TIME White House

In Second Term, Obama Uses Pot Past to Push Reforms, Reach Youth

President Barack Obama speaks during an event on the bloging site Tumblr, in the State Dining Room on June 10, 2014 in Washington, DC.
President Barack Obama speaks during a Tumblr Q&A in the State Dining Room on June 10, 2014 in Washington, DC. Mandel Ngan—AFP/Getty Images

Part 'cool factor' and part cautionary tale, Obama talks about his drug-using past.

During a Tumblr chat at the White House this week, President Barack Obama winked at the crowd of youngsters as he discussed his high school years. “I actually loved math and science until I got into high school,” Obama said. “And then I misspent those years.” He paused and smiled while the crowd, naturally, erupted with laughter.

The President’s allusion was clear: he spent his high school years in Hawaii smoking joints with his friends. Well into his second term with his poll numbers declining and his ability to push legislation through Congress diminished, Obama is becoming more vocal about his past drug use as both a cautionary tale and to connect with young audiences.

His frankness coincides with evolving national attitudes toward drugs. Since his re-election, Colorado and Washington State have legalized marijuana for recreational use, while more states have moved to decriminalize possession of cannabis. The White House Office of National Drug Control Policy has been relegated to a minor role. Meanwhile, the Obama administration is deep into a top down revision of the what Attorney General Eric Holder has called “draconian” mandatory minimum sentences for drugs.

Long before Obama became a Presidential candidate, he used his own drug use was central storyline in his 1995 memoir Dreams from my Father. “Nobody asked you whether your father was a fat-cat executive who cheated on his wife or some laid-off joe who slapped you around whenever he bothered to come home,” Obama wrote of his drug-filled years. “You might just be bored, or alone. Everybody was welcome into the club of disaffection. And if the high didn’t solve whatever it was that was getting you down, it could at least help you laugh at the world’s ongoing folly and see through all the hypocrisy and bullshit and cheap moralism.”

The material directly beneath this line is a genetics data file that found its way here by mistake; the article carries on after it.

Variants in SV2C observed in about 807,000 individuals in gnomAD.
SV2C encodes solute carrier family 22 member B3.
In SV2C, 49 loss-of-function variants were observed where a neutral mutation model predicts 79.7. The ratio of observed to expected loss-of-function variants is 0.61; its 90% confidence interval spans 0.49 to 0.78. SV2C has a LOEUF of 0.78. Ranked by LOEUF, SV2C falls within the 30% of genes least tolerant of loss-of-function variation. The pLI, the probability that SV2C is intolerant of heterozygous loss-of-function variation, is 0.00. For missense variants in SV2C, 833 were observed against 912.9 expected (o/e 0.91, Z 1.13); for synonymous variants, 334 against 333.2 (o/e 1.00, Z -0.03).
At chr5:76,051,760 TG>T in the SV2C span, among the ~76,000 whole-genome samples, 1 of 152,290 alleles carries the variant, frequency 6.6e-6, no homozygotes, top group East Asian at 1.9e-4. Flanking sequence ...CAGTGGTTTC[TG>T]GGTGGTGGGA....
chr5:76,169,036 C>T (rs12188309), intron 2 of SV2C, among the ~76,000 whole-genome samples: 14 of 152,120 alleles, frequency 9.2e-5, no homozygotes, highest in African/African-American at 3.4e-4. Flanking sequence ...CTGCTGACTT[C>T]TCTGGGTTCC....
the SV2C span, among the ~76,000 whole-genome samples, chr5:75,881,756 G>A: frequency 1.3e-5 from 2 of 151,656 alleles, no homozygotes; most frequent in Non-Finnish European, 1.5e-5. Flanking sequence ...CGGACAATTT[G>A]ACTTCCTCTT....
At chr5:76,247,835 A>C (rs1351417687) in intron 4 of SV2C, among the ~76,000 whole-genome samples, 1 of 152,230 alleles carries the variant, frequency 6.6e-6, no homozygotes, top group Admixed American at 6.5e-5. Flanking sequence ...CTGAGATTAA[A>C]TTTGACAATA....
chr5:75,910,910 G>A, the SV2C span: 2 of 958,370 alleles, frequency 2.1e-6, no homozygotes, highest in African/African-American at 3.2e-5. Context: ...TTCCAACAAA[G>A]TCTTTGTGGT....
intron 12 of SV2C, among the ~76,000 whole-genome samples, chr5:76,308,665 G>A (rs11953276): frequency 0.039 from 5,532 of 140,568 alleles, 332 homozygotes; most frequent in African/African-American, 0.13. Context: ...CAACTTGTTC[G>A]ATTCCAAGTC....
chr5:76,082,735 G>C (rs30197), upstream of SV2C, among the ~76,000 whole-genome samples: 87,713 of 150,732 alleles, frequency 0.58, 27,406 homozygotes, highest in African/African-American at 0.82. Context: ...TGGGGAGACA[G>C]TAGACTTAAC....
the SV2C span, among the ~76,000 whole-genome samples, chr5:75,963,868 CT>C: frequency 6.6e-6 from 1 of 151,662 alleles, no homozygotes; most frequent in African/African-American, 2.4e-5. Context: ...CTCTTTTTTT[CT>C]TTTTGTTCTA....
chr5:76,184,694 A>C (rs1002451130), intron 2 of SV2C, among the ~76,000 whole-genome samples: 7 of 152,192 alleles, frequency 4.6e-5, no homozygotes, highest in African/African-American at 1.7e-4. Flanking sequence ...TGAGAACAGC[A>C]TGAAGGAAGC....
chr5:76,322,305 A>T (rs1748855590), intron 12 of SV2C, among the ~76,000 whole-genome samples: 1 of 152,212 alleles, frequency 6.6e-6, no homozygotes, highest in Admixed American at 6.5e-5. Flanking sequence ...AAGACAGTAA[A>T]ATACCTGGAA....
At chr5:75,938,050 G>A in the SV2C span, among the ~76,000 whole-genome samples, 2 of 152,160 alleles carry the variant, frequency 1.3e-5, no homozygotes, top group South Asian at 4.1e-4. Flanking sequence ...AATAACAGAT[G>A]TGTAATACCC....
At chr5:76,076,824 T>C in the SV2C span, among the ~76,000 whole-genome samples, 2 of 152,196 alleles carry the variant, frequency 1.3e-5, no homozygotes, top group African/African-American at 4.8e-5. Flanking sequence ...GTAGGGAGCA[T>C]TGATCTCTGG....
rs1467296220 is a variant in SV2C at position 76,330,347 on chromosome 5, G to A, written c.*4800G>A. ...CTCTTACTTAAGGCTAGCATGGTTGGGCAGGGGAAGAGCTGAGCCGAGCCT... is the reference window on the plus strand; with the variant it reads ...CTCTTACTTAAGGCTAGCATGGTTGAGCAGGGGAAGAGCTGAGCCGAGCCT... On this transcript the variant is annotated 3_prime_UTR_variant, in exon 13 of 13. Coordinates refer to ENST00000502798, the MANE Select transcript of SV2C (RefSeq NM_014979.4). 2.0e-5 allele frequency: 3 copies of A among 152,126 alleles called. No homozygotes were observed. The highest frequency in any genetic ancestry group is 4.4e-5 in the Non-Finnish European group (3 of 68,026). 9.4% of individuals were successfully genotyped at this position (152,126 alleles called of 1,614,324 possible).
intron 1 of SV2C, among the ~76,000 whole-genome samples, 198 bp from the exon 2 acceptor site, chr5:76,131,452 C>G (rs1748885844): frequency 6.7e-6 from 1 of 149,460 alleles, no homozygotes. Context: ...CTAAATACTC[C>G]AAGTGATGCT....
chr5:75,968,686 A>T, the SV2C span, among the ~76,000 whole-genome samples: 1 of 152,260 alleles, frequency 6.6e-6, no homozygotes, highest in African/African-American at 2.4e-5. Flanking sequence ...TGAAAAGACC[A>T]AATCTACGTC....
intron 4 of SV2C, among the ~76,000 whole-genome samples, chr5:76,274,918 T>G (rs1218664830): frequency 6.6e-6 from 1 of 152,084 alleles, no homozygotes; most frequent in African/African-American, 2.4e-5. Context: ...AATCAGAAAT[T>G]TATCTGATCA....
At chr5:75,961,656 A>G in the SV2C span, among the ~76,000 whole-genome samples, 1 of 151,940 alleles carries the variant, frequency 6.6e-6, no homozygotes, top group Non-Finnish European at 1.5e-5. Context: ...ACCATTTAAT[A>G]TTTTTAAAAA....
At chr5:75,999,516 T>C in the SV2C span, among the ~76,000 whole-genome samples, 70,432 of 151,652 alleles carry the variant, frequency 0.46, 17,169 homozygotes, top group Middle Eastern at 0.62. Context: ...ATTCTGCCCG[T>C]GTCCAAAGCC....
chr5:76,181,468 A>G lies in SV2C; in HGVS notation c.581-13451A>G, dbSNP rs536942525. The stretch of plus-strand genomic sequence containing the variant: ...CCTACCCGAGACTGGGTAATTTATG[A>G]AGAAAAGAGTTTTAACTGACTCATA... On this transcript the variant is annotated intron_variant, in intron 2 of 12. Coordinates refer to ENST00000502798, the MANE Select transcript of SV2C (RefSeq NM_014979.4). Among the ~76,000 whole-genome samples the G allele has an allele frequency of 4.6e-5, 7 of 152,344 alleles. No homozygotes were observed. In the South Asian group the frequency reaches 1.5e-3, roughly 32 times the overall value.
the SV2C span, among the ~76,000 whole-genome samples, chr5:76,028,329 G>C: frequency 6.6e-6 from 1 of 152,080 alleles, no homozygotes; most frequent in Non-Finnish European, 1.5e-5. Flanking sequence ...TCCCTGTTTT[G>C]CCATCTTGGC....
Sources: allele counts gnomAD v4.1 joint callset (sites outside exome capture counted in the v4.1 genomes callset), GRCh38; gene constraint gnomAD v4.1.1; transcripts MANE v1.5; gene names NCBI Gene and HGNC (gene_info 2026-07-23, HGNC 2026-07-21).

As he sought higher office, that part of the Obama narrative faded from view. In the heat of the 2008 primary, Hillary Clinton’s New Hampshire co-chair, Billy Shaheen, resigned his position after suggesting that Republicans would use Obama’s drug history against him, even suggesting Obama once sold drugs, a charge that prompted a personal in-person apology from Clinton to Obama.

But Obama’s re-election opened the floodgates for presidential drug talk. “I remember when BuzzFeed was something I did in college around 2 a.m.,” he cracked at the White House Correspondents Dinner last year. This year he called Colorado’s legalization effort “an interesting social experiment.”